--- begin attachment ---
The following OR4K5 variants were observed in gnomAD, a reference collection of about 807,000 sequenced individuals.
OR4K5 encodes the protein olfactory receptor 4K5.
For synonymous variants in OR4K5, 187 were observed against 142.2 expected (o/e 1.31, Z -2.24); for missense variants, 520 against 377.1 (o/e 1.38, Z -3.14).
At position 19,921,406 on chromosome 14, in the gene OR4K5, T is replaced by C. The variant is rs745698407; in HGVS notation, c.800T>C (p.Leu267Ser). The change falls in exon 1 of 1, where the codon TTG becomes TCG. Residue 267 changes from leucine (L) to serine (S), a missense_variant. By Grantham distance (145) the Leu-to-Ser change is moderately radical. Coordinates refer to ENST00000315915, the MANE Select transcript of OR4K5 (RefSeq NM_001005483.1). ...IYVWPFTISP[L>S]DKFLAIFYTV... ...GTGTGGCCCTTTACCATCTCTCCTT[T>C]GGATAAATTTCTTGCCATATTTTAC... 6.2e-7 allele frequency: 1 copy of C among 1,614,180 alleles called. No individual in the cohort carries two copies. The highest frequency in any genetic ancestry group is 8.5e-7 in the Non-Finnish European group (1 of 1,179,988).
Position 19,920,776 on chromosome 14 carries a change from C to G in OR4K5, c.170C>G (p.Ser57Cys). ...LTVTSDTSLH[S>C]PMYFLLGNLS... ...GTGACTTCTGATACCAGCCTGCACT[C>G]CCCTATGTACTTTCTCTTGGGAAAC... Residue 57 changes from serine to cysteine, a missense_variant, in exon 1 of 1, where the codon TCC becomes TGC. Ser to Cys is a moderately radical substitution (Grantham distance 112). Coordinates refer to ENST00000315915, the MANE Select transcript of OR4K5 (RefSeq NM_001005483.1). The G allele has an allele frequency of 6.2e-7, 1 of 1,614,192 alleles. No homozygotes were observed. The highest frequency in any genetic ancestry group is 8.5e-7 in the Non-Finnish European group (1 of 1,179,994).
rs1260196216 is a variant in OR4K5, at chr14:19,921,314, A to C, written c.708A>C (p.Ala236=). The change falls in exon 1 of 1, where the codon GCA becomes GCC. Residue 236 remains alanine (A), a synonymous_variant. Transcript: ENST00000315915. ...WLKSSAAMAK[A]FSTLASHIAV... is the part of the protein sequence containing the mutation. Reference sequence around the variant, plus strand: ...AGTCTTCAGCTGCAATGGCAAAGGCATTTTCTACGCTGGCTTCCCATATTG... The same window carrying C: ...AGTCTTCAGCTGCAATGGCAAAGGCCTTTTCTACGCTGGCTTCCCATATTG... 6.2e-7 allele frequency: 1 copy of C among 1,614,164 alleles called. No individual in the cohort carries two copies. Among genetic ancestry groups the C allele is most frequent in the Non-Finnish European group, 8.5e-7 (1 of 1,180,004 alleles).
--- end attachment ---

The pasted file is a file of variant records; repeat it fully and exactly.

The following OR4K5 variants were observed in gnomAD, a reference collection of about 807,000 sequenced individuals.
OR4K5 encodes the protein olfactory receptor 4K5.
For synonymous variants in OR4K5, 187 were observed against 142.2 expected (o/e 1.31, Z -2.24); for missense variants, 520 against 377.1 (o/e 1.38, Z -3.14).
At position 19,921,406 on chromosome 14, in the gene OR4K5, T is replaced by C. The variant is rs745698407; in HGVS notation, c.800T>C (p.Leu267Ser). The change falls in exon 1 of 1, where the codon TTG becomes TCG. Residue 267 changes from leucine (L) to serine (S), a missense_variant. By Grantham distance (145) the Leu-to-Ser change is moderately radical. Coordinates refer to ENST00000315915, the MANE Select transcript of OR4K5 (RefSeq NM_001005483.1). ...IYVWPFTISP[L>S]DKFLAIFYTV... ...GTGTGGCCCTTTACCATCTCTCCTT[T>C]GGATAAATTTCTTGCCATATTTTAC... 6.2e-7 allele frequency: 1 copy of C among 1,614,180 alleles called. No individual in the cohort carries two copies. The highest frequency in any genetic ancestry group is 8.5e-7 in the Non-Finnish European group (1 of 1,179,988).
Position 19,920,776 on chromosome 14 carries a change from C to G in OR4K5, c.170C>G (p.Ser57Cys). ...LTVTSDTSLH[S>C]PMYFLLGNLS... ...GTGACTTCTGATACCAGCCTGCACT[C>G]CCCTATGTACTTTCTCTTGGGAAAC... Residue 57 changes from serine to cysteine, a missense_variant, in exon 1 of 1, where the codon TCC becomes TGC. Ser to Cys is a moderately radical substitution (Grantham distance 112). Coordinates refer to ENST00000315915, the MANE Select transcript of OR4K5 (RefSeq NM_001005483.1). The G allele has an allele frequency of 6.2e-7, 1 of 1,614,192 alleles. No homozygotes were observed. The highest frequency in any genetic ancestry group is 8.5e-7 in the Non-Finnish European group (1 of 1,179,994).
rs1260196216 is a variant in OR4K5, at chr14:19,921,314, A to C, written c.708A>C (p.Ala236=). The change falls in exon 1 of 1, where the codon GCA becomes GCC. Residue 236 remains alanine (A), a synonymous_variant. Transcript: ENST00000315915. ...WLKSSAAMAK[A]FSTLASHIAV... is the part of the protein sequence containing the mutation. Reference sequence around the variant, plus strand: ...AGTCTTCAGCTGCAATGGCAAAGGCATTTTCTACGCTGGCTTCCCATATTG... The same window carrying C: ...AGTCTTCAGCTGCAATGGCAAAGGCCTTTTCTACGCTGGCTTCCCATATTG... 6.2e-7 allele frequency: 1 copy of C among 1,614,164 alleles called. No individual in the cohort carries two copies. Among genetic ancestry groups the C allele is most frequent in the Non-Finnish European group, 8.5e-7 (1 of 1,180,004 alleles).